What is Sharia Law? What Does It Mean for Women in Afghanistan?

The meaning of Sharia in Arabic is "the way". What is this law? How does it impact women? Here's a primer.

4 min read
Hindi Female
Edited By :Saundarya Talwar

Taliban spokesperson Zabihullah Mujahid on Tuesday, 17 August, in his first news conference since the Taliban took control of Afghanistan said all Afghans must live "within the framework of Islam".

He also mentioned that "independent" media and journalists will be allowed to work as long as they follow their rules and don't "work against national values," and assured the world that the Taliban would respect women's rights.

However, women and activists are skeptical about the "change" the Taliban is talking about. They fear that with the return of Taliban rule in Afghanistan, Sharia law will be imposed and it will restrict women's rights.

What is this law? How does it impact women? Here's a primer.


What is Sharia? 

The meaning of Sharia in Arabic is "the way". It does not refer to the legal system.

It is a broad set of moral and ethical principles derived from the Quran and the practices and maxims of Prophet Muhammad.

Sharia is not a statute or judicial precedent imposed by the government, nor is it a set of statutes governed by a court.

According to Council on Foreign Relations, Sharia developed hundreds of years after the death of the Prophet Muhammad in 632 AD when the Islamic empire expanded to the edge of North Africa in the west and China in the east.

The customs that were followed by Prophet Muhammad were compiled by scholars and later became an example for all the Muslims. The compilation is called Hadith.

There are two factors that determine how Sharia law is configured: One is qiyas, which refers to analysis, and the other is ijma or legal consensus.
Schools like the Hanbali, which is followed in Saudi Arabia and by the Taliban, and liberal schools like the Hanafi, are some of the ultra orthodox schools of Islamic jurisprudence.

The Taliban mainly belongs to the Pashtun ethnic group in Afghanistan and its members are followers of Sunni Islam.


The group follows a narrow and extreme version of Sharia that includes practices such as public executions, banning music, television and videos, and beating up men who do not pray five times a day or cut their beards, reported iNews.

Most of the main roles in this militant group are held by men. This has raised the question of how the organisation’s interpretation of Sharia law will affect its treatment of ethnic and religious minorities in Afghanistan.

In addition, since there are no women among Islamic clergy, there is concern that women's interests may not find a place in the legal and political order.


Where All is Sharia Law Practised?

Some countries choose to integrate certain aspects of the Sharia law with the European system, while others, such as Saudi Arabia, Qatar, and Iran, follow it more closely, reported iNews.

The interpretation and strictness of the Sharia law varies from country to country, depending on the government in charge.

Many countries in Africa follow aspects of the Sharia law. These include Nigeria, Kenya, and Ethiopia. Bahrain, Brunei, Egypt, Indonesia, Iran, Iraq, and Pakistan are a few countries where Sharia is practised.

In September 2020, Sudan officially became a secular state and ended 30 years of Islamic law.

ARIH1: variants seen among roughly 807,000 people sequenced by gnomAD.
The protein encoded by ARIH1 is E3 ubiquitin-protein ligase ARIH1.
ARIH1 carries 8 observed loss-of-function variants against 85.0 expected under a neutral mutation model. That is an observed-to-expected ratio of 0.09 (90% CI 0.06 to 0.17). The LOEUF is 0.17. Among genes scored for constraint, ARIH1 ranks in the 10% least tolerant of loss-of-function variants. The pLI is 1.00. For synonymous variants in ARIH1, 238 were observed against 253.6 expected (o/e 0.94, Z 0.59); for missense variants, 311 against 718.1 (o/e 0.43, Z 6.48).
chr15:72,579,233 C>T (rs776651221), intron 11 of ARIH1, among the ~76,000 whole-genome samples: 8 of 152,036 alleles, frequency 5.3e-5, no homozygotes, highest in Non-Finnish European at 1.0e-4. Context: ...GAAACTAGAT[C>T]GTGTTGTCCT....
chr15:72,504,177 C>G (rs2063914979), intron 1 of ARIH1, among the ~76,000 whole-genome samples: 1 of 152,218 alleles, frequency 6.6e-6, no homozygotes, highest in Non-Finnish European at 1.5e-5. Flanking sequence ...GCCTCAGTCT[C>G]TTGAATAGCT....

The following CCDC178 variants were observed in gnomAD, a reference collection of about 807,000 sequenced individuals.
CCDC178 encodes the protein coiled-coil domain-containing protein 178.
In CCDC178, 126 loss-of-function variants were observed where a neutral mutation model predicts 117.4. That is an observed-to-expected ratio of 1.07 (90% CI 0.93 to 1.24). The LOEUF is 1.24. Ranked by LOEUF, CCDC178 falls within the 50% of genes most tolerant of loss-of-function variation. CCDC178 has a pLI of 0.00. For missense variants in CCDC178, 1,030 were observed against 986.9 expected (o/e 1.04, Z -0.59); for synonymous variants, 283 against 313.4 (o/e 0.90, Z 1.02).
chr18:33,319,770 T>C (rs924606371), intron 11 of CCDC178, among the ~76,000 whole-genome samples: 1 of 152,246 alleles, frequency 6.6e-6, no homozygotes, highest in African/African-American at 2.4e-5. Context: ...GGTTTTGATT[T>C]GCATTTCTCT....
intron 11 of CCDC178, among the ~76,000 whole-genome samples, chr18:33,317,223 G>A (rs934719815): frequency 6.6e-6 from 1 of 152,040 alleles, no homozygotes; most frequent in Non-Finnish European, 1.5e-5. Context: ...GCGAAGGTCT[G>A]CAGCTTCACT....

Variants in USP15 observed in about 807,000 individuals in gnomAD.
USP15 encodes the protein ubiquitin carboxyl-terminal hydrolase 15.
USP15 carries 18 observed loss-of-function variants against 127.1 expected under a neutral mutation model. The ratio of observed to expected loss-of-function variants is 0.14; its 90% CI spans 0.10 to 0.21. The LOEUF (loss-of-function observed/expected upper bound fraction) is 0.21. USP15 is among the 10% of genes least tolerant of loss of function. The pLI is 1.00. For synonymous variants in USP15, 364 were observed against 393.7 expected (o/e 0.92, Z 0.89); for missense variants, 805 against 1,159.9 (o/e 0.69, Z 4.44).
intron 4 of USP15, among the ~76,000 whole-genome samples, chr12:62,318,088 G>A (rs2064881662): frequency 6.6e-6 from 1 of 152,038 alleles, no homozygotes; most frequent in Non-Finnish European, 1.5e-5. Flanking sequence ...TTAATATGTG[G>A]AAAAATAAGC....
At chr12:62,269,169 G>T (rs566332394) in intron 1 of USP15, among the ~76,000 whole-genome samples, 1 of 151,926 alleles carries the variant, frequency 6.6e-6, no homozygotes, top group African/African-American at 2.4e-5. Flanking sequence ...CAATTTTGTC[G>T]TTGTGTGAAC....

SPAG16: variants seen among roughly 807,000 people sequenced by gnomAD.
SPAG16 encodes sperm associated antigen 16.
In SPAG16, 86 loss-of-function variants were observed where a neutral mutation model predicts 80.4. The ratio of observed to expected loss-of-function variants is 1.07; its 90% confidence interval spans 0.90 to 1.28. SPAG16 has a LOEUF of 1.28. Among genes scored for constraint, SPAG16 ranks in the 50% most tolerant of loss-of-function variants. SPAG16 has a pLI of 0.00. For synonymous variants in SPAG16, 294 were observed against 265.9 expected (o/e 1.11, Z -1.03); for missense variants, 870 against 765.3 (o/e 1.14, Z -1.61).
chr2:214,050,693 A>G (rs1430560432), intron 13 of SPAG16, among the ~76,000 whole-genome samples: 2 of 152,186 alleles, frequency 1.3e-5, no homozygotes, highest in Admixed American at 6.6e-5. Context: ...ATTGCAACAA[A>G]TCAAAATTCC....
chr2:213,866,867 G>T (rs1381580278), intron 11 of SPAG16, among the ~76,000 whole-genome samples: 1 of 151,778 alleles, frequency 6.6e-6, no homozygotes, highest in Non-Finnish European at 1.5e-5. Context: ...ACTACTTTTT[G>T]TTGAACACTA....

What Does Sharia Mean for Women in Afghanistan?

Earlier this year, the Taliban had stated it wanted to establish “a genuine Islamic system” in Afghanistan.

A system that would include the rights of women and all ethnic minorities in accordance with "cultural traditions and religious rules."

However, the militant group plans to end co-education and have women barred from going to their offices.

During the Taliban rule from 1996 to 2001, it was mandatory for all women to wear burqas. Girls were not allowed to go to school, they were not allowed to get medical services provided by men, and if a woman had to step out, she had to be escorted by a male relative, under the rule of Taliban.

Women were also barred from wearing high heels so that no man would hear their footsteps. If a woman was talking in public, her voice should be so low that no stranger could hear it.

Films, photographs, or any kind of pictures of women in books, newspapers, and shops were not allowed by the Taliban.

Women who did not follow these rules were beaten up, even stoned, and in some cases even executed publicly, during the Taliban rule.


Crimes And Punishment Under Sharia

There are three categories for crimes under the Sharia law: Tazir, qisas, and hududs.

  • Tazir is considered the lightest and the least serious and is left to the discretion of the judge.

  • Qisas are the crimes that result in the offender being subjected to the exact same affliction as the victim.

  • Hudud is the most serious crime and is considered a crime against God.

  • Tazir crimes include domestic robbery or attempted robbery, as well as perjury.

For crimes that fall under qisas, for instance, in a murder case, if the court approves, the murderer can be killed after conviction.

Adultery, wine drinking, and false accusations of improper sexual relations are included in hudud, which means that the person who has committed the crime can be killed, stoned, or executed, reported First Post.

(With Inputs from News18, First Post, and iNews)

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Topics:  Afgan Taliban   Explainers   Afghan crisis 

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